Silence of the lamb chops

One of my ‘other duties as assigned’ this time of year involves serving as The Christmas tree Guy and responding to various media inquiries about Christmas trees. Last week I posted a link to a media story about Christmas trees on the Garden Professor Facebook page. That post drew a response from Kyle Fletcher Baker who derided cut Christmas trees as “murder of the innocent.” My initial reaction was, “Jeez, Kyle we’re talking about fir trees here not lamb chops or veal.” But Kyle’s post serves as a reminder that there are many people that object to cutting trees for Christmas decoration – no word on how these folks feel about cut flower arrangements but that’s another story. In some cases this objection stems from the belief that Christmas trees are cut from native stands of trees. In fact, virtually all Christmas trees sold at tree lots are grown on tree farms for that expressed purpose.

tree farm

There is also a sizable portion of the population that believe artificial trees are more environmentally responsible than using a live tree. My personal opinion is this is a fairly small factor in most people’s tree buying decisions but the question persists and seems to get a lot of media play. The American Christmas Tree Association (a trade group that represents artificial tree retailers NOT tree growers) commissioned a life cycle analysis (LCA), which estimated cradle-to-grave carbon footprints for real and fake trees. The bottom-line of the study is that the impact of both is negligible. The tipping point is how far you drive to get a real tree each year and how long you keep your artificial tree. If you get your real tree close to home or combine getting your real tree with other trips, the carbon footprint of the real tree comes out better.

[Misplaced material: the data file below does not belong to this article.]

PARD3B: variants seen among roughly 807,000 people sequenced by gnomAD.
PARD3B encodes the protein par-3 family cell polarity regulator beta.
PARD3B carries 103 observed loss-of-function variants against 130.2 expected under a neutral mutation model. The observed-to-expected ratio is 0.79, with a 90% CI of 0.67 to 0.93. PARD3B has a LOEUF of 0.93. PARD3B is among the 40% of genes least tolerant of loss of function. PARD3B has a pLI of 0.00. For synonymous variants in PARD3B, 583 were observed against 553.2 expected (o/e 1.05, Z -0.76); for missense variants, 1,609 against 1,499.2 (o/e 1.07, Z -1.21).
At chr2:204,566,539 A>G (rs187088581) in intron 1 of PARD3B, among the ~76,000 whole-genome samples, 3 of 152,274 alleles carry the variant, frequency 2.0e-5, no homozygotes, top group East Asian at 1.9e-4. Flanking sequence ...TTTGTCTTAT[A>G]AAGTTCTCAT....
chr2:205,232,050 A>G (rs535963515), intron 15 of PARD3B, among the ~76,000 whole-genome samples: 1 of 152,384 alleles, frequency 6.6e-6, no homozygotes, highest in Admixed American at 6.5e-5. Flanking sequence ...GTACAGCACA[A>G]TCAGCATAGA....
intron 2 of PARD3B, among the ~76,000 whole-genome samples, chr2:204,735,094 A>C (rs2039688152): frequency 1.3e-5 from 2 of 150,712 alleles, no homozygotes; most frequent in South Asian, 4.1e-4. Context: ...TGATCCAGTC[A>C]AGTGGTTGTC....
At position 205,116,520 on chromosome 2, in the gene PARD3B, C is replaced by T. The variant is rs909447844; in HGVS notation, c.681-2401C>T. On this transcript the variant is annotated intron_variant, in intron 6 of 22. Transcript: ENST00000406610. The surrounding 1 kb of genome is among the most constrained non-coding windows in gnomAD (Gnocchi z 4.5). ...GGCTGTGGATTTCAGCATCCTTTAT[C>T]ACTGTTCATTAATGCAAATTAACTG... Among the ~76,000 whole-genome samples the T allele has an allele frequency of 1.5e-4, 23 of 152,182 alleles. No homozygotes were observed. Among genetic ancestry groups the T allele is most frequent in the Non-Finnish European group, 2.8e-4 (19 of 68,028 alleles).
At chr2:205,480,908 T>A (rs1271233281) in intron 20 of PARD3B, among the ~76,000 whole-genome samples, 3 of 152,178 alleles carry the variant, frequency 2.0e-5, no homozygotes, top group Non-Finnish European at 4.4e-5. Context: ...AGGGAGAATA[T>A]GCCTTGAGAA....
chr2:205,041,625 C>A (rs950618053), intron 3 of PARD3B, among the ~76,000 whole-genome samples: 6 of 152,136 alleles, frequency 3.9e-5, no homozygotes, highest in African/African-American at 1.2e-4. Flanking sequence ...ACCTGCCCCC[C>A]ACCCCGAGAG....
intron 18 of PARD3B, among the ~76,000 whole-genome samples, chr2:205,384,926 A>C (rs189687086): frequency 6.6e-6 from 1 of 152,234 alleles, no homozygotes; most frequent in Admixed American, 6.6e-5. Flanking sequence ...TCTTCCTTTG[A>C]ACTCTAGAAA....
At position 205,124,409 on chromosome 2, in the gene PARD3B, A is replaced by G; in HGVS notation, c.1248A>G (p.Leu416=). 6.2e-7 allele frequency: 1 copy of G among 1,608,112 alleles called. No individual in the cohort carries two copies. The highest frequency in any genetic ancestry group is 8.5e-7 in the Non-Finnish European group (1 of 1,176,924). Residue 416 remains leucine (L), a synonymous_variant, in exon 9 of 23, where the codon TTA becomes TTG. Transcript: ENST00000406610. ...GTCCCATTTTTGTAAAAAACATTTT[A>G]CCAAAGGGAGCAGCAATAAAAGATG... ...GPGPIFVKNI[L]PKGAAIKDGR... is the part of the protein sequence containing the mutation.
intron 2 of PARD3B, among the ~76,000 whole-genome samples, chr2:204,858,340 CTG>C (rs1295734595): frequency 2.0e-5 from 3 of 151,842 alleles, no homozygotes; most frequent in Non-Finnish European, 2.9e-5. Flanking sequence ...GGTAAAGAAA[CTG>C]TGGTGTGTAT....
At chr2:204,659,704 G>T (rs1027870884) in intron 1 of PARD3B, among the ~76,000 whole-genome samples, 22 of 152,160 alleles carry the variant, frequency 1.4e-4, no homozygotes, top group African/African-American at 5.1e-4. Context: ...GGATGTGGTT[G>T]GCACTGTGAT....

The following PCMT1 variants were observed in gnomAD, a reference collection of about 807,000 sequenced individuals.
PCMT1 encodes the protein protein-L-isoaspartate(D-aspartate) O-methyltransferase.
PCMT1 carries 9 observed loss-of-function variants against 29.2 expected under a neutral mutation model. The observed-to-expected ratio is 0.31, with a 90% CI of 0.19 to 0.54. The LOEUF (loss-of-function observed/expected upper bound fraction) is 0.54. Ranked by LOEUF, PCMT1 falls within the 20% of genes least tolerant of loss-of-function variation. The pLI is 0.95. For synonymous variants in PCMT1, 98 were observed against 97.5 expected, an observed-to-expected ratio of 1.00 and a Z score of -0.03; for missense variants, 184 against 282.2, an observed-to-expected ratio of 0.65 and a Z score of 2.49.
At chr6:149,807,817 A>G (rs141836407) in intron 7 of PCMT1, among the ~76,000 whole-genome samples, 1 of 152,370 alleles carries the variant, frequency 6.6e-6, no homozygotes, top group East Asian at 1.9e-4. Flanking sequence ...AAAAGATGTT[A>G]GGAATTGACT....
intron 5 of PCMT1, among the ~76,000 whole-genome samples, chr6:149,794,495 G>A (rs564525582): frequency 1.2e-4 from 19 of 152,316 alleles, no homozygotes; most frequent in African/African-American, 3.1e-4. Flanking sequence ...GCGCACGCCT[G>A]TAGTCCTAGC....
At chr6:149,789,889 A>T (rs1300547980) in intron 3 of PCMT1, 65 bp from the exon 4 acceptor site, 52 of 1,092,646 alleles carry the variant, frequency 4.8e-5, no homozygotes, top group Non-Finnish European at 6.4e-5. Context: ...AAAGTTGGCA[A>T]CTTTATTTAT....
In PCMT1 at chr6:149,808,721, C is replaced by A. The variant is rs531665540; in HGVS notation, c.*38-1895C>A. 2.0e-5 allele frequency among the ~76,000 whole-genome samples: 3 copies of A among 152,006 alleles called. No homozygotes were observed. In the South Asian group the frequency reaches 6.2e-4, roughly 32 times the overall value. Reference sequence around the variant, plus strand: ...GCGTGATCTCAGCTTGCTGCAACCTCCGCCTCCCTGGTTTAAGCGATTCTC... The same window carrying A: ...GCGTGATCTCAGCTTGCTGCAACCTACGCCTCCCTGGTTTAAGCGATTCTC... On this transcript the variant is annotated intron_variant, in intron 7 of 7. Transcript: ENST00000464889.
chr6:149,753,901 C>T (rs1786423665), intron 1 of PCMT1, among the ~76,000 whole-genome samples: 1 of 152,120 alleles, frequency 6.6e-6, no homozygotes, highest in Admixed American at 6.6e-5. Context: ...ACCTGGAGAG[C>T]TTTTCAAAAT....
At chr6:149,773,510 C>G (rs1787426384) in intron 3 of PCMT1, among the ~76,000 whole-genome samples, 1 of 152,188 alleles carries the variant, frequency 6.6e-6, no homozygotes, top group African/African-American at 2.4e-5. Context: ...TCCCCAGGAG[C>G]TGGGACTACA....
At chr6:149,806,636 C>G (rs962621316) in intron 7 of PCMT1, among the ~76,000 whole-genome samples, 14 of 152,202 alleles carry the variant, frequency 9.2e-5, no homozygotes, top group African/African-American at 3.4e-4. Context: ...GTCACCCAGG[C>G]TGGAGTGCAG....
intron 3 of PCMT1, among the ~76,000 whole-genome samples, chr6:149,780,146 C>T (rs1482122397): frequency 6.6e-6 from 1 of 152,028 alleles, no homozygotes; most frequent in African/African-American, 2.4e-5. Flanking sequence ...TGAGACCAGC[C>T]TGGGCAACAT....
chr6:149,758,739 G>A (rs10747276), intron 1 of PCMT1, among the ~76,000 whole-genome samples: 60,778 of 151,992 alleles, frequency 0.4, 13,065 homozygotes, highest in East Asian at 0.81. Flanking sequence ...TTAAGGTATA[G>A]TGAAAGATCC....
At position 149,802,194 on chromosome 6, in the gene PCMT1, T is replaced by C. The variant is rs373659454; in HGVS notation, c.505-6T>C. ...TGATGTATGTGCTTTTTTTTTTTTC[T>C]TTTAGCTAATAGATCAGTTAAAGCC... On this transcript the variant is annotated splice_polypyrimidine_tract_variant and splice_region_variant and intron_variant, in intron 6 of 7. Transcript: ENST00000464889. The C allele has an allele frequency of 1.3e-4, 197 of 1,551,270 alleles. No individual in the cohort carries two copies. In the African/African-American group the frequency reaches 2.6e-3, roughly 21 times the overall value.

But if the thought of cutting a real tree is still more than your conscience can bear, there is a third option: a living Christmas tree. Many nurseries and Christmas tree farms offer container-grown or balled-and-burlapped trees that can be planted outdoors after the holidays. There are even companies springing up on the west that specialize in live Christmas tree rentals. These companies bring a tree into your house and then pick it back up after the holiday. Some will offer a certificate that the tree will be planted in a park or national forest after its display.

living treee


Working out the bugs

It’s December and I hereby vow to post every week from now on! I’ve actually been on the blog behind the scenes for the last several weeks troubleshooting the archives. We transferred over four years of material from the old site, and there are still some rough patches. And that’s where you can help.

If you have been browsing the archives (listed on the right hand menu) or searching for topics (the search box is in the upper right corner just below the Garden Professors banner where the little magnifying glass lurks), you may have found odd line breaks, broken links, missing pictures, etc. in the posts and the comments. Or you might be searching for a particular post on the internet and end up with a 404 error page instead of the blog. It’s easy for me to fix these problems, but finding them takes some time.

So if you, our faithful readers, find these problems and post them below. We’ll have a contest: the top three contributors of bugs, breaks and boo-boos will each win a swell prize! (Not telling what the prizes are. You will have to wait and see.)

In the meantime, enjoy this photo of my husband Jim as we searched for the perfect Christmas tree last Friday.

Xmas tree hunt